In embodiments of the present invention, another relationship used to characterize the operation of the downhole motor is the relationship between the speed of rotation of the rotor (S) and the pressure drop due to hydraulic energy transfer to the rotor (ΔP). In accordance with an embodiment of the present invention, it can be shown, for example, that for a positive displacement motor, that to a first approximation:
S=a 1 ΔP 2 +a 2 Q
when a1 and a2 are constants and Q is the flow rate of drilling mud. As such, in one embodiment of the present invention, from measurements of S, ΔP and Q, the constants a1 and a2 may be processed, for example by regression techniques or the like. In accordance with an embodiment of the present invention, establishing these relationships enables both the torque and speed to be known and predicted for a given pressure drop and flow rate of mud.
In embodiments of the present invention, rotor torque and speed are of particular relevance because it is these parameters which are provided by the motor manufacturer to characterize operation of the downhole motor. Thus, in embodiments of the present invention, an accurate model of torque and speed is obtained from actual measured data in real-time.
As discussed above, in embodiments of the present invention, once the relationships for operation of a downhole motor are established, the next step is to employ the relationships to determine an optimal mode of operation of the downhole motor.
Typically, it will be desirable to operate the motor or turbine to maximise the mechanical power generated. As is known to the person skilled in the art, the power delivered by the motor or turbine can be given by the product of the torque generated and the speed of rotation of the rotor. Thus, in accordance with an embodiment of the present invention, by combining the torque and speed relationships, a relationship for mechanical power can be obtained and a more optimal, i.e. greater mechanical power, operating point can be determined.
In order to move towards the more optimal mode of operation, in accordance with an embodiment of the present invention, an operating parameter may be adjusted. In certain aspects, the parameters to be adjusted may be chosen from, for example, weight applied to the drill bit, rotation speed of the drill string and flow rate of mud through the drill and motor. Thus, in accordance with an embodiment of the present invention, the relationships can be transmitted to the a surface drilling operator so that he can make as assessment of the current drilling performance and the location of a more optimal mode of operation.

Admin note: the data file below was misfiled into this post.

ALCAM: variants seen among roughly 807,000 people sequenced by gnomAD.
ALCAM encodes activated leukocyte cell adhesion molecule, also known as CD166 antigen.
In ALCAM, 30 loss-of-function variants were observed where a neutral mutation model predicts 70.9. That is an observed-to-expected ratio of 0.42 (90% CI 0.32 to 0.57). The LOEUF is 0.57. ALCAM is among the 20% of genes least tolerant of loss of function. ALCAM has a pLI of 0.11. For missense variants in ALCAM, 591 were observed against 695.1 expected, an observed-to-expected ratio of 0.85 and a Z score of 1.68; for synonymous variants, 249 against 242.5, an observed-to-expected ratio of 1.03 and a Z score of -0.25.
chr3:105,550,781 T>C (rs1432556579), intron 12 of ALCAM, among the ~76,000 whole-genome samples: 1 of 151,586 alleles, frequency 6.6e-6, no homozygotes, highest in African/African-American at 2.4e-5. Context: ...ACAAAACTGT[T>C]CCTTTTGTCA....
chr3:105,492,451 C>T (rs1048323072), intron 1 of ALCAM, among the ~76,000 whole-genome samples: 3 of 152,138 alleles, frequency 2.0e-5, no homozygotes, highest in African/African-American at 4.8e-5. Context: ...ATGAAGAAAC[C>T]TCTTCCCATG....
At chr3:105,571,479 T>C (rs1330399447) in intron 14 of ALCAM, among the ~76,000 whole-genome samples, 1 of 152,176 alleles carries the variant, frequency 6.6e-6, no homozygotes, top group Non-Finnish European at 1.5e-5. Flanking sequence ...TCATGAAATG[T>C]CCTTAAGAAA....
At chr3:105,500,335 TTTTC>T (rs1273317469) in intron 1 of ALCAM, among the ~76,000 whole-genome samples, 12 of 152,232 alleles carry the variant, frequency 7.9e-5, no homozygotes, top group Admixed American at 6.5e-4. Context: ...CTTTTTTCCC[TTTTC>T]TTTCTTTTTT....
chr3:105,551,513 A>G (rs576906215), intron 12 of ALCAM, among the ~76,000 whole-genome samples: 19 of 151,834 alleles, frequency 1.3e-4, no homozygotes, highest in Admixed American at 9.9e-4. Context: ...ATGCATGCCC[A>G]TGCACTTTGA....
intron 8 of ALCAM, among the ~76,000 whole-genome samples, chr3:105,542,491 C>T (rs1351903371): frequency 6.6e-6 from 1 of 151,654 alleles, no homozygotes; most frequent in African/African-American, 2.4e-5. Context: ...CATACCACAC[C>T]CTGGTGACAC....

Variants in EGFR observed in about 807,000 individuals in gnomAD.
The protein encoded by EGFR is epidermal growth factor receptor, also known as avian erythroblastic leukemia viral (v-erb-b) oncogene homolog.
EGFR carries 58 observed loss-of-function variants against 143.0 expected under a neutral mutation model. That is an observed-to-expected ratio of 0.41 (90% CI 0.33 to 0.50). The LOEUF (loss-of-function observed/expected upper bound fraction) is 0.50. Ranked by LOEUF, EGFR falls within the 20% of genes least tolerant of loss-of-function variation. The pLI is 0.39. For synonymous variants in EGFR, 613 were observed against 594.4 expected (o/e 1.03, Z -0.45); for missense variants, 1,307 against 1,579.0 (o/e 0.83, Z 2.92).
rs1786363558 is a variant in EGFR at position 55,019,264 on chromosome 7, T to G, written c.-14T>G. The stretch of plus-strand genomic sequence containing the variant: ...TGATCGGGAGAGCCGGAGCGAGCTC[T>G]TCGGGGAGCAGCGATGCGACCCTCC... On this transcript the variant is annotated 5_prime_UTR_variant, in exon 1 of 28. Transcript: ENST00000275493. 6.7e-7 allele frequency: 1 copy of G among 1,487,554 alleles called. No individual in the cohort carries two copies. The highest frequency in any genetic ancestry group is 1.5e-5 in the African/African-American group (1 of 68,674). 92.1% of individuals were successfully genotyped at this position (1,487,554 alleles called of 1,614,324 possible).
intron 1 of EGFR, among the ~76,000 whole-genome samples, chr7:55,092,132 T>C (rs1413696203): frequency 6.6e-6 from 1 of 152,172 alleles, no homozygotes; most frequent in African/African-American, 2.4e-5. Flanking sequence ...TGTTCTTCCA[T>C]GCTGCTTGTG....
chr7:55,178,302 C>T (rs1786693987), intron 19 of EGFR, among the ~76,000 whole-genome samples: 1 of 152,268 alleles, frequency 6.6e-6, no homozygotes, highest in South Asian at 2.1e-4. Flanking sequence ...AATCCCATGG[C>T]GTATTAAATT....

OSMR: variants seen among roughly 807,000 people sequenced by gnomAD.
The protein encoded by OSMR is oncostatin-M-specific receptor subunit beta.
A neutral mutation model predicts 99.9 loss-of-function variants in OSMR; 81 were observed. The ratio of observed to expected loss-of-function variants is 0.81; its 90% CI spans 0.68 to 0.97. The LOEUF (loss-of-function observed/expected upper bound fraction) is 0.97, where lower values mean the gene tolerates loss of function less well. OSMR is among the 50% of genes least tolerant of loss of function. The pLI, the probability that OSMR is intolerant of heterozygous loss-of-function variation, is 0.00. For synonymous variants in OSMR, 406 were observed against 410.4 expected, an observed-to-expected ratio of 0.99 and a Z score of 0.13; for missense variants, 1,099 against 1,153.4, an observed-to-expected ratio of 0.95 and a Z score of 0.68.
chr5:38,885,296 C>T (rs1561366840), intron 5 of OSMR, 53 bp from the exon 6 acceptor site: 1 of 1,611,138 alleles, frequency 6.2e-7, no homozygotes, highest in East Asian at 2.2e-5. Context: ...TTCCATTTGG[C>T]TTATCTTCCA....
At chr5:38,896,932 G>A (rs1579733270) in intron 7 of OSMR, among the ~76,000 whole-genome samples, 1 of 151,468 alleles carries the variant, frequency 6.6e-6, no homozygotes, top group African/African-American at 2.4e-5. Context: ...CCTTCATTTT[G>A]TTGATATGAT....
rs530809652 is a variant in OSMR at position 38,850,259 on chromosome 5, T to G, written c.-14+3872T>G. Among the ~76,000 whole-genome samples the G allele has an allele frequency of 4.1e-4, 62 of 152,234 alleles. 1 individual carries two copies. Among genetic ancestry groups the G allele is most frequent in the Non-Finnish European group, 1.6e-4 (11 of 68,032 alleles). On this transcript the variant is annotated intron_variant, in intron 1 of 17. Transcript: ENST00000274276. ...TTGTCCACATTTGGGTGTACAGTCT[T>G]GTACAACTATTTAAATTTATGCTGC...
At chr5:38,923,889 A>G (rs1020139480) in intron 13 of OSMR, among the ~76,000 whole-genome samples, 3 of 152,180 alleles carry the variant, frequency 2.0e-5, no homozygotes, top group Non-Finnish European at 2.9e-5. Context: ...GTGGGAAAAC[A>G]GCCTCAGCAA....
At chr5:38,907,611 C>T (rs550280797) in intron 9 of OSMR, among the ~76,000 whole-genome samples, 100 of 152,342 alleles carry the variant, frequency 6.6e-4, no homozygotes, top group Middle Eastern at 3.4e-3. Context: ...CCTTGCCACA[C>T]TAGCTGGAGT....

For example, in accordance with an embodiment of the present invention, an increase in weight-on-bit may be used to provide an increase in torque generated by the motor, provided that the motor does not stall. Likewise, in accordance with an embodiment of the present invention, an increase in mud flow rate may be used to increase the torque generated by the motor, subject to other constraints in the system on mud flow rate.
Alternatively, in some embodiments of the present invention, the relationships and current operating performance can be used to feed into an automated control apparatus to adjust operating parameters in order to move towards the more optimal mode of operation. Once the more optimal mode of operation has been arrived at, the relationships employed to get there may, however, no longer be entirely accurate. This is because the motor may now be operating based on extrapolated performance from the predictive relationships.
Therefore, in some embodiments, once at the first more optimal mode of operation, the method of some embodiments of the present invention is carried out again to measure a second set of rotor and stator operating parameters, generate a second set of relationships to determine a second more optimal mode of operation, and to alter the operating parameters to move towards the second more optimal mode of operation.
If necessary or advantageous, the method of the invention discussed above can be repeated again or as often as desired, until no further optimisation of the performance of the rotor are found.
As described above, such repeated action can be carried out manually by a skilled drilling operator or, for example, as part of an automated control scheme. However, even when the most optimal mode of operation has been arrived at, the method of the invention can provide further benefits and advantages as drilling progresses.
As the drill continues to drill into the earth, the performance of the rotor and stator can change with time. This can be due to a number of factors such as changes in temperature and pressure or a change in the properties of the drilling mud. Additionally the motor may experience wear and its performance affected accordingly. Thus, certain embodiments of the present invention can also be used to monitor the performance of the drill as drilling progresses, acting as a diagnostics tool, e.g. for mechanical failure.
Thus, once the more optimal mode of operation has been found, such changes to the performance of the drill may result in a shifting of the more optional mode of operation as drilling progresses. Such changes may be gradual, e.g. in the case of mechanical wear or changes in temperature and pressure, or can be sudden, e.g. in the case of mechanical failure or a change in the lithography of the rock being drilled into.